It was very very difficult. This is where the accolades and recognition of “Icarus” and the Academy Award really changed the conversation. In those weeks following his death every journalist was after Hatice. As I approached her and other people, they were able to see my prior work. Hatice invited me about a month after his murder to come and meet with her in Istanbul. I didn’t bring a film crew. I spent the next five weeks there just building trust. It was a harrowing time in her life and I just kept explaining that I was not there for a day or a week or a month. I told her: if we do this, we’re going to go on this journey together. I promised that if she let me into her life, I was going to protect Jamal.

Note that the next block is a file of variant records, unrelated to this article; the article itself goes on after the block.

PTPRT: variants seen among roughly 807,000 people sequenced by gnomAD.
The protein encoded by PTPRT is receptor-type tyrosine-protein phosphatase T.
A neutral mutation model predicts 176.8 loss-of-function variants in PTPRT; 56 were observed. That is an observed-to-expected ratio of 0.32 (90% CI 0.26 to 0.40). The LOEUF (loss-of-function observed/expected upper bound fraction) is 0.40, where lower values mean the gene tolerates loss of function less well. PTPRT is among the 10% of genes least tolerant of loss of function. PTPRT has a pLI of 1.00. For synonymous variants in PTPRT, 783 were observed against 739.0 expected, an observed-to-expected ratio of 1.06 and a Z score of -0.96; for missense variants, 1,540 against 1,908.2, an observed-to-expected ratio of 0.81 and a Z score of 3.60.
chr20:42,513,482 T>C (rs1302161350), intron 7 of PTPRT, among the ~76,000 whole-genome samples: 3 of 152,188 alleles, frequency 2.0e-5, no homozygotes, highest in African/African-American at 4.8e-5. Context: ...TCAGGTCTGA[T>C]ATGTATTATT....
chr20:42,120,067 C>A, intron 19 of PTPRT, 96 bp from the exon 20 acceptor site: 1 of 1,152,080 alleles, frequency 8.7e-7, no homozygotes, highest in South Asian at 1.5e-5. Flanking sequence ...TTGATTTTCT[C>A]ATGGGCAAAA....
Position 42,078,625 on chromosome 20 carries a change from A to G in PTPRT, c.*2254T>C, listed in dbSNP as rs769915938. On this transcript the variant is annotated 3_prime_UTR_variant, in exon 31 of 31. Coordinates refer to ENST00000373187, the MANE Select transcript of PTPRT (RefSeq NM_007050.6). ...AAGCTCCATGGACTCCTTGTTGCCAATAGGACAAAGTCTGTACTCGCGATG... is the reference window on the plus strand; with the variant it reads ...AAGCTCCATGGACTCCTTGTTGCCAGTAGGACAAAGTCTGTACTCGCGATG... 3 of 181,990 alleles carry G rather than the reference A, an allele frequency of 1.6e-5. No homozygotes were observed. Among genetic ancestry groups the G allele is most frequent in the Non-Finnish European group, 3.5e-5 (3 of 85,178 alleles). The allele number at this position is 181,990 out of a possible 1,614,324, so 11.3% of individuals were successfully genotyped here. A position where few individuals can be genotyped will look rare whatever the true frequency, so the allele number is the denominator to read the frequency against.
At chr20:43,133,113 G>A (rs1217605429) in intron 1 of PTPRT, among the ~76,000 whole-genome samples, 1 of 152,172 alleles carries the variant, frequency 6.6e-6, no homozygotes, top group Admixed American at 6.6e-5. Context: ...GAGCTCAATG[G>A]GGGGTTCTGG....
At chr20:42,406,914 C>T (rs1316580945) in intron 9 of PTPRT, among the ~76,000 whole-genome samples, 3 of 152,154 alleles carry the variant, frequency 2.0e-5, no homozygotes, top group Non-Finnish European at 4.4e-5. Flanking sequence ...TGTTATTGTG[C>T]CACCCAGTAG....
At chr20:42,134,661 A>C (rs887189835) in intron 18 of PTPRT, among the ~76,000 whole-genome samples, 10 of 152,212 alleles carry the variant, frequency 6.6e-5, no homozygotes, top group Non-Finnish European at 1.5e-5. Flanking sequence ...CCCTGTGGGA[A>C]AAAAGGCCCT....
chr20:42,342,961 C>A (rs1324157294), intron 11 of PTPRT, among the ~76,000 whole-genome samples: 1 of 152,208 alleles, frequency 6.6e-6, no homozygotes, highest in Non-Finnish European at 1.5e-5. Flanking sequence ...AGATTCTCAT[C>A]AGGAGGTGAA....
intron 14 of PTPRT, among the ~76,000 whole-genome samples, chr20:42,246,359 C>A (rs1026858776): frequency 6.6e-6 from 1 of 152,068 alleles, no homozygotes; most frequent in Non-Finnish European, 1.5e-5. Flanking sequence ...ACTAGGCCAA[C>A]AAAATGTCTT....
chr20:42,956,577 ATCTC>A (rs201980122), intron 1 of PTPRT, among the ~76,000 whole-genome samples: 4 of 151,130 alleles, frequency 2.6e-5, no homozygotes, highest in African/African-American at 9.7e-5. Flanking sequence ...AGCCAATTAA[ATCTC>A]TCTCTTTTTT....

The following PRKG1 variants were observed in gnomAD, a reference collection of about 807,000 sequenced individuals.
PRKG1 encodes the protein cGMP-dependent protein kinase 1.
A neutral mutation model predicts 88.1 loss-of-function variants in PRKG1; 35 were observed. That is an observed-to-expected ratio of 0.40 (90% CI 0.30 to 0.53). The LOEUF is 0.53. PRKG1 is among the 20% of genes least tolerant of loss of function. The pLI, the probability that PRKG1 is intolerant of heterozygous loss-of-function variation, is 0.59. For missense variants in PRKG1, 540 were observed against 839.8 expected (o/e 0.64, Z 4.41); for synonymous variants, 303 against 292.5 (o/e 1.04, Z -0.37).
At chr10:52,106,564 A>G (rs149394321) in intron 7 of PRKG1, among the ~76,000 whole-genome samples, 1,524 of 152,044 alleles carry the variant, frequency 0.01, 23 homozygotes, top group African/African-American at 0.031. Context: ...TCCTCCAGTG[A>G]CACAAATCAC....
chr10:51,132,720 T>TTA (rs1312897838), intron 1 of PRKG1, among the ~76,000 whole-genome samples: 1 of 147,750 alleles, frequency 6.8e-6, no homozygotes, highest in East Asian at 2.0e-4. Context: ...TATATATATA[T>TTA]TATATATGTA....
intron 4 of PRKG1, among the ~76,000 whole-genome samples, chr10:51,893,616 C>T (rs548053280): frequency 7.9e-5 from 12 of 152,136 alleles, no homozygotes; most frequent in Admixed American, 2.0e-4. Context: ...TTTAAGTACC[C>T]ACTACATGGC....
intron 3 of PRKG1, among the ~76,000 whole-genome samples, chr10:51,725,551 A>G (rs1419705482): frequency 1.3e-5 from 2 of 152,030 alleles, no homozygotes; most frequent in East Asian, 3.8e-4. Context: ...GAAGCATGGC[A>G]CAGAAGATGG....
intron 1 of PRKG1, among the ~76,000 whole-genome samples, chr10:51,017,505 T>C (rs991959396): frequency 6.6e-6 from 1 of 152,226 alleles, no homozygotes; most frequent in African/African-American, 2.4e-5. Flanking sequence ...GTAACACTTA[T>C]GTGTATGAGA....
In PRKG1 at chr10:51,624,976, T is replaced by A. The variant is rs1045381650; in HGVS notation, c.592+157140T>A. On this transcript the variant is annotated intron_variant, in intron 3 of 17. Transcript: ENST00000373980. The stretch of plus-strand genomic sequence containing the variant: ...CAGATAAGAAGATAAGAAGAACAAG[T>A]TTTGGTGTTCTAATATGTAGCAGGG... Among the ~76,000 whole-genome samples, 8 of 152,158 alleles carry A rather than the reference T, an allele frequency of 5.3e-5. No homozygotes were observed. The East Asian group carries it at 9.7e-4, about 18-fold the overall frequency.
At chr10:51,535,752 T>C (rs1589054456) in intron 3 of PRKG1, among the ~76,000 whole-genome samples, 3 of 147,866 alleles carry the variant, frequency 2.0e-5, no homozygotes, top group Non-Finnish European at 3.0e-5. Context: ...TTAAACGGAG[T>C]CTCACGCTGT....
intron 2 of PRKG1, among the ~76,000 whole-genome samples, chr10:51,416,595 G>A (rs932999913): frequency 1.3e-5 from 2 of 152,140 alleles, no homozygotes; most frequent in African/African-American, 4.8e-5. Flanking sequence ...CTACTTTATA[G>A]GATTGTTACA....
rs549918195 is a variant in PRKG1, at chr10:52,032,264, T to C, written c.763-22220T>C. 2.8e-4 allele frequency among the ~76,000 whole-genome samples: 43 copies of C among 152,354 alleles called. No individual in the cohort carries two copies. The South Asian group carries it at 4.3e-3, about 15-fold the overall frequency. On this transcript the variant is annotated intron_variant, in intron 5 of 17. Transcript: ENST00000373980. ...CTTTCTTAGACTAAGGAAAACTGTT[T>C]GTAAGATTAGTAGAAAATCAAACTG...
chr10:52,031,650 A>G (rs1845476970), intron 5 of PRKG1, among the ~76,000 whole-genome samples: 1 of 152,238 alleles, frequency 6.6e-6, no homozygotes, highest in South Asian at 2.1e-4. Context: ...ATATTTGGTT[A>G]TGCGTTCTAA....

At the Sundance premiere, you challenged distributors to “…not be fearful and give this the global release that this deserves.” How did that turn out?
[Netflix CEO] Reed Hastings was there that day and so was Hillary Clinton. We had a standing ovation. People were wiping tears from their eyes as Hatice took the stage. It was the same scene at each one of our screenings. We were blessed with incredible reviews from all of the trades. In any normal circumstance, you’d think of course this film is going to be acquired and distributed. And yet not only was it not acquired and distributed, there was universal silence. Not a single offer. Not for one dollar or not 12 million dollars, which was what was paid for another documentary title at the festival. Nothing. It was literally as if nobody knew me. It was that startling and that shocking.